Rob Imrie

Co-authored with Charlotte Bates and Kim Kullman
Goldsmiths’ College, University of London

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Universal design, disability and the radicalisation of un/care

This paper challenges an underlying sentiment of the workshop, ‘that we might be facing a process of [progressive] radicalisation of care’, based on ‘fundamental or far-reaching changes in a certain area or field’. Relating our observations to the interrelationships between disability, design, and embodiment, our starting point is the understanding that the daily routines of disabled people come up against barriered and unusable environments or places and objects that fail to function or respond to the manifold complexities of the body. The designed environment, including buildings, transport, and diverse material objects, is the embodiment of uncaring socio-cultural practices that create enforced dependence and potential for harm and hurt. Actors involved in the design of objects are not necessarily impervious to the failures of the things that they design, or the consequences for human welfare and well being. This is particularly so with regards to proponents of universal design, or a social movement that recognises a need to ‘design for all’, and to create designer empathy to ensure that people can live in the world ‘as well as possible’ (Tronto, 1993: 113).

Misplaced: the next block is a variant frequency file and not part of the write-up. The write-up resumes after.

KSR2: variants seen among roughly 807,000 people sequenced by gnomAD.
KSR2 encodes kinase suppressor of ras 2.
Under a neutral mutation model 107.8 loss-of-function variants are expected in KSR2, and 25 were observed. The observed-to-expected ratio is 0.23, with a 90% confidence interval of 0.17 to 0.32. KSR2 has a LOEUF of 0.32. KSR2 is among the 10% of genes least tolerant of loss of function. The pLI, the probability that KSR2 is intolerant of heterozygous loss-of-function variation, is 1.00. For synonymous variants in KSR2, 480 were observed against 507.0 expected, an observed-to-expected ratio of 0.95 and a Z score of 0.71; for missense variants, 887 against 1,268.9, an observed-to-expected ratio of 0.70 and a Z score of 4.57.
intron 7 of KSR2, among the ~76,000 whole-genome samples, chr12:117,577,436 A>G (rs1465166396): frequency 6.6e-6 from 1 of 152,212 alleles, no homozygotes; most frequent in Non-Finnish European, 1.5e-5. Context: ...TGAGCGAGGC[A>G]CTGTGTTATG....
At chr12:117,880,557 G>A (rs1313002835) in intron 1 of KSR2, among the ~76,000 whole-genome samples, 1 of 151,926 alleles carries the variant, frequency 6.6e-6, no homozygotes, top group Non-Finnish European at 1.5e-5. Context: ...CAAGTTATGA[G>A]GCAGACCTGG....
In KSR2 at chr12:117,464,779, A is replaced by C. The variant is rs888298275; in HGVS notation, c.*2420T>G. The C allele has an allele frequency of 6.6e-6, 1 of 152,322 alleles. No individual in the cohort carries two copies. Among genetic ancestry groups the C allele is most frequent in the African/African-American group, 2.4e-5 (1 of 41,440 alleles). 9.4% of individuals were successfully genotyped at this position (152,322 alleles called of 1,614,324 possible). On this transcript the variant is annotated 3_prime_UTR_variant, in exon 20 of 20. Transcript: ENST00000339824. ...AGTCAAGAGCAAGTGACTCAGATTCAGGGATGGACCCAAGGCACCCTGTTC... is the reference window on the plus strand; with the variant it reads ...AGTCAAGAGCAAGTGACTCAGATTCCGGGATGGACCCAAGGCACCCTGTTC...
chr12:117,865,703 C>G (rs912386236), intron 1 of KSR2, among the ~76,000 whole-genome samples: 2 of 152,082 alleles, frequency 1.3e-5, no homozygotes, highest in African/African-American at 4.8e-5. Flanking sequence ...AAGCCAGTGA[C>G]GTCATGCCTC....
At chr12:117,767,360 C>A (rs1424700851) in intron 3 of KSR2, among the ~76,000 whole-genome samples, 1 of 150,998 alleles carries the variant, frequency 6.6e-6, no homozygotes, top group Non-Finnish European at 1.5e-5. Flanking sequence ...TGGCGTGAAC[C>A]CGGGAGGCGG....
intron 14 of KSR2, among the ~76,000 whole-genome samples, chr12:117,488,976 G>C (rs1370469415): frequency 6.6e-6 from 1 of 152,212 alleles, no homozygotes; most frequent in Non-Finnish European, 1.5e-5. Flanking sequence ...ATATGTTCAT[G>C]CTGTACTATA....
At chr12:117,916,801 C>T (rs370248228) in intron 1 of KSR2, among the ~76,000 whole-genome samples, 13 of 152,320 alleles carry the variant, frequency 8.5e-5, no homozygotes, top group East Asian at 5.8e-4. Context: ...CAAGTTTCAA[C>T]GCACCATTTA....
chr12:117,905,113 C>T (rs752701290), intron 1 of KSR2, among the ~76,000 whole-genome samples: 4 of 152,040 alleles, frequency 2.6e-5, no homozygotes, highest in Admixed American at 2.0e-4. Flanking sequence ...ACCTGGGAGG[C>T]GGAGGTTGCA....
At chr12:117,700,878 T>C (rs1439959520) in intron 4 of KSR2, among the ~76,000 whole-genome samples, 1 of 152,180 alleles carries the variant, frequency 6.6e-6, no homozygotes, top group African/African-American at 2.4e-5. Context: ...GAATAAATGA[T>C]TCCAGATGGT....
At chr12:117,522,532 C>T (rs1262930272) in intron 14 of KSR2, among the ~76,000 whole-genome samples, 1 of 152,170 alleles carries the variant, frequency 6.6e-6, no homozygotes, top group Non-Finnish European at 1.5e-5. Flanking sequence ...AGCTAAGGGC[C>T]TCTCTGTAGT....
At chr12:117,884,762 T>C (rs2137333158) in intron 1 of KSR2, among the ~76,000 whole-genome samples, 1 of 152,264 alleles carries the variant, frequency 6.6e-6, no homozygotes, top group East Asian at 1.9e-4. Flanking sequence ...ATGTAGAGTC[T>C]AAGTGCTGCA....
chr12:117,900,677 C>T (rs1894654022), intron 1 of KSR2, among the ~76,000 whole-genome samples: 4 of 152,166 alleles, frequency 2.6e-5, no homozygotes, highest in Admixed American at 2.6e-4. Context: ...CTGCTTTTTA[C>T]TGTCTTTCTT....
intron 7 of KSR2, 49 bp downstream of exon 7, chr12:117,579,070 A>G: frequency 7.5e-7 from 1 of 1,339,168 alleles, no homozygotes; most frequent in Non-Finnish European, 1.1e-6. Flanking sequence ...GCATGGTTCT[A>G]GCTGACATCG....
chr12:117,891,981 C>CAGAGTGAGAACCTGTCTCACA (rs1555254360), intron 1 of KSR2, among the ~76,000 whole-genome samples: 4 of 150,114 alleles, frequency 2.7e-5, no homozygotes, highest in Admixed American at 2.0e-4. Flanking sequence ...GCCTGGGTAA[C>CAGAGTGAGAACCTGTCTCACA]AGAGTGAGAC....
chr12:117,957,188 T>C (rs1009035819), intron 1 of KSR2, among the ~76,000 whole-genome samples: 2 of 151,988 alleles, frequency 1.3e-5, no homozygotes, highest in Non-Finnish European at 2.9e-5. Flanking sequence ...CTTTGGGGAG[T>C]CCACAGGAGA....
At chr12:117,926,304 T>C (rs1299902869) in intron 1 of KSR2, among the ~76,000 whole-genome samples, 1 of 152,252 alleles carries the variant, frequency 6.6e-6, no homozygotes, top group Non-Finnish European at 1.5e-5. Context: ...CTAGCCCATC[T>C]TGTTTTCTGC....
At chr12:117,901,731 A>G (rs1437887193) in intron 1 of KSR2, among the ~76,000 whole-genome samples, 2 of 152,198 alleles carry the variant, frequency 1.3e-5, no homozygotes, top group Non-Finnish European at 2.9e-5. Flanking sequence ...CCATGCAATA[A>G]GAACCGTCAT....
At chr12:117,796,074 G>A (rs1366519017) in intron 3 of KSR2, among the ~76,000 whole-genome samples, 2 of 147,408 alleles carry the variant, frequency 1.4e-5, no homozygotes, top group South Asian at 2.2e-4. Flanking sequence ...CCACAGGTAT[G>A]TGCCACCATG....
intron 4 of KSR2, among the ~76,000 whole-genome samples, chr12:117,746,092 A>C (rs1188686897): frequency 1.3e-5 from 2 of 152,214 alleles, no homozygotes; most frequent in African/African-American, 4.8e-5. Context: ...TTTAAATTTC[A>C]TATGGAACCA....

Drawing on data from a European Resarch Council project evaluating universal design, we broach the questions to what extent can universal design be seen as a radicalisation of design, and can this radicalisation, if it can be construed as such, be conducive to more caring ways of designing? In a more speculative sense, what does universal design need to do to become radical, and what is the evidence of a more radicalised approach to designing by its proponents? We evaluate these questions in relation to the workshop’s themes: (a). Practices of ‘making visible’ impairment and bodily interactions with (in) design; (b). The reshaping and redefining of (universal) design as an object of dispute; and (c). Devising new possibilities, bringing to life other material becomings that might lead to practice design otherwise.

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